Competitors from the 20th Air Support Operations Squadron plan their route during the night land navigation event of Dragon Challenge 2018 at Fort Bragg, North Carolina Oct. 31, 2018. The event required competitors to navigate through the woods in the dark to as many points as possible within the allotted time. (U.S. Air Force photo by 1st Lt. Faith Brodkorb)

Competitors from the 20th Air Support Operations Squadron plan their route during the night land navigation event of Dragon Challenge 2018 at Fort Bragg, North Carolina Oct. 31, 2018. The event required competitors to navigate through the woods in the dark to as many points as possible within the allotted time. (U.S. Air Force photo by 1st Lt. Faith Brodkorb)

MOODY AIR FORCE BASE, Ga. -- Eight teams made up of tactical air control party Airmen, staff weather officers and support personnel from the 18th Air Support Operations Group competed in the 2018 Dragon Challenge, Oct. 30 through Nov. 1., at Fort Bragg, N.C. 

The competition began in 1999 and was recently reignited after an 11-year hiatus, as a means to push the best Airmen from each squadron to compete, improve and bring new skills back to their units. 

“All of these are events that can easily translate into combat,” said Capt. Michael Lambert, the chief of training for the 818th Operations Support Squadron and Dragon Challenge 2018 planner. “It simulates, as much as we can, the stressors and the physical activities they would perform outside the wire on a mission.” 

The three-day battle kicked off with the battlefield Airmen fitness test then a stress shoot, casualty care, land navigation, an obstacle course and an Army knowledge test intended to stress the competitors, so they can be more prepared for the stress of combat later. The final event was a combative tournament between the final 16 competitors.

“I hope, as you guys pushed yourselves, you realized how important it is to take training in garrison seriously,” said Col. Dane Crawford, 18th ASOG commander, during the closing ceremony. “Take that back to your unit; apply that. Make yourself a disciplined and ready warrior because you do not want to be down range wishing you had trained harder in garrison.”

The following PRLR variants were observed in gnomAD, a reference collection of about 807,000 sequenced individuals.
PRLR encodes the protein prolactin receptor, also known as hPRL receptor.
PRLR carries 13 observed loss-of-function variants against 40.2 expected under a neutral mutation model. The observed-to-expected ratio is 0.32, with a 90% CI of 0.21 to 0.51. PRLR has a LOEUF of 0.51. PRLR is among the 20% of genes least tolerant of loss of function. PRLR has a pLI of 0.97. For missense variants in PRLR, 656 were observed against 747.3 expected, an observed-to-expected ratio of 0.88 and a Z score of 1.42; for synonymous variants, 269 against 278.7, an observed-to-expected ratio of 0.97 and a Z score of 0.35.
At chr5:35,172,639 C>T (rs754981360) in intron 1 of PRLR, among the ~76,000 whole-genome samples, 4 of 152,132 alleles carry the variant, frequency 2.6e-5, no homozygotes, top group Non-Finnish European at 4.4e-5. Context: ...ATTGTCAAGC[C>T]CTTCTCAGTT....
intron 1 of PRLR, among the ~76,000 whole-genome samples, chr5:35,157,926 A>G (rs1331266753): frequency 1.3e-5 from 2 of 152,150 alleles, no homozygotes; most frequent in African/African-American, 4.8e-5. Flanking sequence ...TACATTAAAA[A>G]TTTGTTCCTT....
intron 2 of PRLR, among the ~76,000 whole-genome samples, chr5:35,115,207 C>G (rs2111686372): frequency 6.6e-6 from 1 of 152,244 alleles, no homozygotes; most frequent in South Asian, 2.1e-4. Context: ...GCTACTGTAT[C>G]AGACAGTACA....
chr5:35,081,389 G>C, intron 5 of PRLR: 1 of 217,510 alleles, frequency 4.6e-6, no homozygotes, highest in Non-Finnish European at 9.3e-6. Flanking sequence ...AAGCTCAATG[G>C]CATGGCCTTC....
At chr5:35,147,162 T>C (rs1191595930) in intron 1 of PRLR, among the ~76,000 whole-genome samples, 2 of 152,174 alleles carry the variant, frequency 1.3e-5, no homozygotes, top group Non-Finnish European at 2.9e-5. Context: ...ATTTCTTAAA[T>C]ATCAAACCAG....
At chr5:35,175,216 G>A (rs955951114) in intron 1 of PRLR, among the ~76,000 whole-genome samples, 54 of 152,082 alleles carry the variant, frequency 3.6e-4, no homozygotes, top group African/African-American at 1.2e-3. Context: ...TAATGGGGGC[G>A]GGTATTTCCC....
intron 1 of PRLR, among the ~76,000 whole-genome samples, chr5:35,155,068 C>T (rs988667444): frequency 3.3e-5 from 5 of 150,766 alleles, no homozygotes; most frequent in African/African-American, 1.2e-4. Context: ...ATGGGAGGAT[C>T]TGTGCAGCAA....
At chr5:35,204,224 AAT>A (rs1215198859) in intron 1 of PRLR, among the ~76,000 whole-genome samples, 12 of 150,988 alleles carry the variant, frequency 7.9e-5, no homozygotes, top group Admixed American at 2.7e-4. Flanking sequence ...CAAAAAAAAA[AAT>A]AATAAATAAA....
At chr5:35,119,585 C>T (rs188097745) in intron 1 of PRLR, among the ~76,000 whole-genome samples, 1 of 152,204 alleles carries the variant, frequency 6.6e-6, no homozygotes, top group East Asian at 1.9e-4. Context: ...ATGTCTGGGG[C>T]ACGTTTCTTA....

Not only were the Airmen able to train for potential real-world scenarios but they were also able to build camaraderie. Throughout the three-day event, the competitors stayed together in a tent near the 18th ASOG building. This allowed them to catch up with old friends, build new relationships and understand the missions of the other squadrons.

“It’s been nice to work with other (wingmen) in the career field and other combat mission support jobs as well,” said Staff Sgt. Benjamin Blake, a competitor from the 20th Air Operations Support Squadron and overall third place individual winner. “I’ve learned that there are some things that I could work on. I’m definitely learning when you’re tired, some of your weak points start to show more.”

The overall winners of the Dragon Challenge 2018 were Senior Airman Aaron Conway and Team One from the 14th Air Support Operations Squadron out of Fort Bragg. Each squadron will improve its skills and prepare to compete again next year.